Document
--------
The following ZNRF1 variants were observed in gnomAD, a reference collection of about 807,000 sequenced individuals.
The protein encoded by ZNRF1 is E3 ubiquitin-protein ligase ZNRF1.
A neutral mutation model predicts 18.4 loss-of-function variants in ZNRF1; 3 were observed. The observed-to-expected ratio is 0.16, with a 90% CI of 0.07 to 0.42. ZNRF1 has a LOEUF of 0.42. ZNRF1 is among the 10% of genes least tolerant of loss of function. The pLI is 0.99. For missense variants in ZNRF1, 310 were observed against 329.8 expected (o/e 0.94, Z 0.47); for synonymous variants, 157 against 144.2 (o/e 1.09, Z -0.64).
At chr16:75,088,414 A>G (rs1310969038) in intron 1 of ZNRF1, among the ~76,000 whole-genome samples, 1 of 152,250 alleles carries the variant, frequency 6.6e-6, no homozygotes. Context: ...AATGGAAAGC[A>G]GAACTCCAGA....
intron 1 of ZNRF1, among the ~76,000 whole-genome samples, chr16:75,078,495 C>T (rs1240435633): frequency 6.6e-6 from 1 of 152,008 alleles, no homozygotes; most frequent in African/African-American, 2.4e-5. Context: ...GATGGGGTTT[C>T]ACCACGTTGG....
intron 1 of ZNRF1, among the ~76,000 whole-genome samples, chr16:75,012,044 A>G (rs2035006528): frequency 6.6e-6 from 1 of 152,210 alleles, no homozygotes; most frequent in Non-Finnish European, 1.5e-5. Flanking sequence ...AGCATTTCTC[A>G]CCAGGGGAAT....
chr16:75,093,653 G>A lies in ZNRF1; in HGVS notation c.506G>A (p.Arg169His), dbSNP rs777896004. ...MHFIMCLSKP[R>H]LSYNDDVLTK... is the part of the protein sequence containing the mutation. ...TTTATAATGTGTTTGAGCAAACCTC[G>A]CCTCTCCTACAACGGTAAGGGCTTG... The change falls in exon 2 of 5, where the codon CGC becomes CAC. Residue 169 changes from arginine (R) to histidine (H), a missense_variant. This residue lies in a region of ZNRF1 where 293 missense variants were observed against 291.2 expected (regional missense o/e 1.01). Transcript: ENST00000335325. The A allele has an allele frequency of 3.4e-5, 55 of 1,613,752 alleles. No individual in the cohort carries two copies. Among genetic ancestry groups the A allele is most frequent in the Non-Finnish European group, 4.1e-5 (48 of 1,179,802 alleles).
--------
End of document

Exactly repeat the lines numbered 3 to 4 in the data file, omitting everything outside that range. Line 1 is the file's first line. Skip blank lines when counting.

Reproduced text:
A neutral mutation model predicts 18.4 loss-of-function variants in ZNRF1; 3 were observed. The observed-to-expected ratio is 0.16, with a 90% CI of 0.07 to 0.42. ZNRF1 has a LOEUF of 0.42. ZNRF1 is among the 10% of genes least tolerant of loss of function. The pLI is 0.99. For missense variants in ZNRF1, 310 were observed against 329.8 expected (o/e 0.94, Z 0.47); for synonymous variants, 157 against 144.2 (o/e 1.09, Z -0.64).
At chr16:75,088,414 A>G (rs1310969038) in intron 1 of ZNRF1, among the ~76,000 whole-genome samples, 1 of 152,250 alleles carries the variant, frequency 6.6e-6, no homozygotes. Context: ...AATGGAAAGC[A>G]GAACTCCAGA....